and help fragment the rock; he developed ways to remove the rock without having to stop
drilling; and he ultimately even added maintenance shops and crews’ quarters to the giant
machines. He gained a reputation in the drilling community for providing machines that could
tackle the most difficult projects, safely and inexpensively, and for being someone who could
constantly dream up new improvements and then actually build them.
October 2002By Dick Robbins, friend and collaboratorThe international tunnelling community has lost one of its most innovative and productive personalities. Carlo Grandori, founder of Societa Esecuzione Lavori Idraulici (SELI), died on 17 September at the age of 91. I was privileged to attend the service in Rome where many of his friends and colleagues gathered to remember his life.Carlo Grandori was a industrial engineer who specialised in hydroelectric construction and large dams. After World War ll, he concentrated on the tunnelling and underground aspects of this specialty and became known as an expert in traditional rock tunnelling.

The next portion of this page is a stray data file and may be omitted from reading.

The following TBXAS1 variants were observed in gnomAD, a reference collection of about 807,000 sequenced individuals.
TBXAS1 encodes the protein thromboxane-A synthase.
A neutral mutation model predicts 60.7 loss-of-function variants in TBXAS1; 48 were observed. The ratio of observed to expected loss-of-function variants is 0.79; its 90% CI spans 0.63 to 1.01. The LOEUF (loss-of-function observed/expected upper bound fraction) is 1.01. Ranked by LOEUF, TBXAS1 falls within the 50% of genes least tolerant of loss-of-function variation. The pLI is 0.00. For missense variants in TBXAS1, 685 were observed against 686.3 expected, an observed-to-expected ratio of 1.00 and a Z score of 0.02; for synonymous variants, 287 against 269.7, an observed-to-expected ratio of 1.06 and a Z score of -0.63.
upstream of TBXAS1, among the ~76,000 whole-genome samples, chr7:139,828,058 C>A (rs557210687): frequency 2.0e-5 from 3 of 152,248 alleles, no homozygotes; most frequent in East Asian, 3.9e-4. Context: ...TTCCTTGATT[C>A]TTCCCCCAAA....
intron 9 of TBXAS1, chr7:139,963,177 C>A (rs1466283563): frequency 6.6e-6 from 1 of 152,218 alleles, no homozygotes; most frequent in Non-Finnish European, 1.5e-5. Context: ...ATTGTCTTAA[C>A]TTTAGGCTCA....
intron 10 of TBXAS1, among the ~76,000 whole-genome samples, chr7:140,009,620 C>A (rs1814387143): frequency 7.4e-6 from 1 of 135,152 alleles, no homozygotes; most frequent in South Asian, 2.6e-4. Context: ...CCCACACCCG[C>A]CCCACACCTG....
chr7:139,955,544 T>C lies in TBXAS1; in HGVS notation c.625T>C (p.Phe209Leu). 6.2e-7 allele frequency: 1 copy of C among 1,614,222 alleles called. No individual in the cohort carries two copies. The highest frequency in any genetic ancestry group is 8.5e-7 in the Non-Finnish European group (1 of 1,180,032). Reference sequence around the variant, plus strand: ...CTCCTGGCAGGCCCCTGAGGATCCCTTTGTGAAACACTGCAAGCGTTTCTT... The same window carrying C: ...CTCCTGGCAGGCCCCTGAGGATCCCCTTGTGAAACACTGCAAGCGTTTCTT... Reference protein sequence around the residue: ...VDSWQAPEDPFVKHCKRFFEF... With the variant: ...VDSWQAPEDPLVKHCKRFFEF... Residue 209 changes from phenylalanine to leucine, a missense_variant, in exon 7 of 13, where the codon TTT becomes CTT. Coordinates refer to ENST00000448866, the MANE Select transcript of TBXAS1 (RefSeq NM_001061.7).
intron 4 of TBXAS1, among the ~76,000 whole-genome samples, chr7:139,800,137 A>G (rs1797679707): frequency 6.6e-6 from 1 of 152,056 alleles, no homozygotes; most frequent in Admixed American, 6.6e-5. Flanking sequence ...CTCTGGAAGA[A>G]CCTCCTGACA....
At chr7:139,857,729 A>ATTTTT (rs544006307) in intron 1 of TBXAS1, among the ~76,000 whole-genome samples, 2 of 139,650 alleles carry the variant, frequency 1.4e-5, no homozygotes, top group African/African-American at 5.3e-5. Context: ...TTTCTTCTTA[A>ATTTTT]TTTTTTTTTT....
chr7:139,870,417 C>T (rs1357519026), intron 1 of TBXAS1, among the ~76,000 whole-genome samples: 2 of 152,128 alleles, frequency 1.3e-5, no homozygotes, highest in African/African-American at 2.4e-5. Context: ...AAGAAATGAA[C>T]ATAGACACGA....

In the early 1960s he participated as a joint venture partner in machine tunnelling projects with his friend and TBM pioneer, Duri Prader, in Zurich, Switzerland
I first met Carlo when he visited Seattle in 1967. He was planning a bid for the Orange-Fish project (T&TI, May 1969) in South Africa and was considering the possible application of a tunnelling machine. Although a machine was not chosen for this project, Carlo and his engineers continued to look for a machine tunnelling job they could sponsor.
After a complicated negotiation with ENEL, SELI was awarded the 4.5km Brasimone-Suviana Tunnel near Bologna, Italy, in about 1970. The rock in the 6.4m diameter tunnel was unstable and complicated and required immediate support. Carlo initiated the design of interspersing steel ribs with precast segments as close as possible to the front of the tunnelling machine. This started a trend in Europe of using precast segments in rock tunnels that would eventually extend to many other parts of the world. The unstable rock face led Carlo to suggest modifications to the cutterhead, which was the first attempt at rotary breasting or active support of the face while boring.